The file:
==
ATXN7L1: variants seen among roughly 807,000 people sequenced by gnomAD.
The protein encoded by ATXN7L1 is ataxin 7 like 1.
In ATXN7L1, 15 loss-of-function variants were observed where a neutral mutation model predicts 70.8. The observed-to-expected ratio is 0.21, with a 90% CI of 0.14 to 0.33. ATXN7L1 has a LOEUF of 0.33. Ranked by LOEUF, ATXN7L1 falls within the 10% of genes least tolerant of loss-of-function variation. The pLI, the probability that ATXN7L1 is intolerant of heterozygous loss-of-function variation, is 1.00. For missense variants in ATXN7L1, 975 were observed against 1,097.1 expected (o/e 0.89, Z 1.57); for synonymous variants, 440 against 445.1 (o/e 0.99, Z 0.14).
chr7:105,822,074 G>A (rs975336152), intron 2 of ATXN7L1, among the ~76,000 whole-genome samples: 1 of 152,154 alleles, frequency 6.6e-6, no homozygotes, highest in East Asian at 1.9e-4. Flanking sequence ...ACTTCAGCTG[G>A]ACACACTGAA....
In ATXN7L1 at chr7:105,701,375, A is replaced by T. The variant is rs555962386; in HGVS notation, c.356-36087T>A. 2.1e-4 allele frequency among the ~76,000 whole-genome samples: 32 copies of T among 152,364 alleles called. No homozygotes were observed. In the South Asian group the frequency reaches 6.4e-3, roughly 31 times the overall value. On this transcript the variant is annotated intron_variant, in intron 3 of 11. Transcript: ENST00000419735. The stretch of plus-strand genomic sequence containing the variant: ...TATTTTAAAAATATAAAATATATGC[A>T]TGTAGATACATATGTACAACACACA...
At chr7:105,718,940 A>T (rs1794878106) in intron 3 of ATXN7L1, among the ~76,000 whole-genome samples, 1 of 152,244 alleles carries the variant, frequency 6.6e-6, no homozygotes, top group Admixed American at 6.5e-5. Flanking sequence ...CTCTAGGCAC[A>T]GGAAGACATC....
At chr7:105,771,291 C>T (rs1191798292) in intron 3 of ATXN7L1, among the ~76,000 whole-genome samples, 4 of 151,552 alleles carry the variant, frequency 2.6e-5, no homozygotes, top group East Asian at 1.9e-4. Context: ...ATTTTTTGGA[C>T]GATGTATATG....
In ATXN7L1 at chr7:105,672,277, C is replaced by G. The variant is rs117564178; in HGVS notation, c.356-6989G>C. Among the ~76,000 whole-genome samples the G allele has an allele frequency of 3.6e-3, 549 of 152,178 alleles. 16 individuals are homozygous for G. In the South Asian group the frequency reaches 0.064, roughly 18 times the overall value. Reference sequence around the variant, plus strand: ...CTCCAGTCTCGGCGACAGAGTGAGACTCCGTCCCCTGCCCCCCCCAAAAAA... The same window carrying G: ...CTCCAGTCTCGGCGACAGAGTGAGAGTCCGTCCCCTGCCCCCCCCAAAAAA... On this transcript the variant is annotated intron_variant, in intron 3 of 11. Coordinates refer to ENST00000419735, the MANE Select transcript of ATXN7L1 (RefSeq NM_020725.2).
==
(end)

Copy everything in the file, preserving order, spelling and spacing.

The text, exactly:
ATXN7L1: variants seen among roughly 807,000 people sequenced by gnomAD.
The protein encoded by ATXN7L1 is ataxin 7 like 1.
In ATXN7L1, 15 loss-of-function variants were observed where a neutral mutation model predicts 70.8. The observed-to-expected ratio is 0.21, with a 90% CI of 0.14 to 0.33. ATXN7L1 has a LOEUF of 0.33. Ranked by LOEUF, ATXN7L1 falls within the 10% of genes least tolerant of loss-of-function variation. The pLI, the probability that ATXN7L1 is intolerant of heterozygous loss-of-function variation, is 1.00. For missense variants in ATXN7L1, 975 were observed against 1,097.1 expected (o/e 0.89, Z 1.57); for synonymous variants, 440 against 445.1 (o/e 0.99, Z 0.14).
chr7:105,822,074 G>A (rs975336152), intron 2 of ATXN7L1, among the ~76,000 whole-genome samples: 1 of 152,154 alleles, frequency 6.6e-6, no homozygotes, highest in East Asian at 1.9e-4. Flanking sequence ...ACTTCAGCTG[G>A]ACACACTGAA....
In ATXN7L1 at chr7:105,701,375, A is replaced by T. The variant is rs555962386; in HGVS notation, c.356-36087T>A. 2.1e-4 allele frequency among the ~76,000 whole-genome samples: 32 copies of T among 152,364 alleles called. No homozygotes were observed. In the South Asian group the frequency reaches 6.4e-3, roughly 31 times the overall value. On this transcript the variant is annotated intron_variant, in intron 3 of 11. Transcript: ENST00000419735. The stretch of plus-strand genomic sequence containing the variant: ...TATTTTAAAAATATAAAATATATGC[A>T]TGTAGATACATATGTACAACACACA...
At chr7:105,718,940 A>T (rs1794878106) in intron 3 of ATXN7L1, among the ~76,000 whole-genome samples, 1 of 152,244 alleles carries the variant, frequency 6.6e-6, no homozygotes, top group Admixed American at 6.5e-5. Flanking sequence ...CTCTAGGCAC[A>T]GGAAGACATC....
At chr7:105,771,291 C>T (rs1191798292) in intron 3 of ATXN7L1, among the ~76,000 whole-genome samples, 4 of 151,552 alleles carry the variant, frequency 2.6e-5, no homozygotes, top group East Asian at 1.9e-4. Context: ...ATTTTTTGGA[C>T]GATGTATATG....
In ATXN7L1 at chr7:105,672,277, C is replaced by G. The variant is rs117564178; in HGVS notation, c.356-6989G>C. Among the ~76,000 whole-genome samples the G allele has an allele frequency of 3.6e-3, 549 of 152,178 alleles. 16 individuals are homozygous for G. In the South Asian group the frequency reaches 0.064, roughly 18 times the overall value. Reference sequence around the variant, plus strand: ...CTCCAGTCTCGGCGACAGAGTGAGACTCCGTCCCCTGCCCCCCCCAAAAAA... The same window carrying G: ...CTCCAGTCTCGGCGACAGAGTGAGAGTCCGTCCCCTGCCCCCCCCAAAAAA... On this transcript the variant is annotated intron_variant, in intron 3 of 11. Coordinates refer to ENST00000419735, the MANE Select transcript of ATXN7L1 (RefSeq NM_020725.2).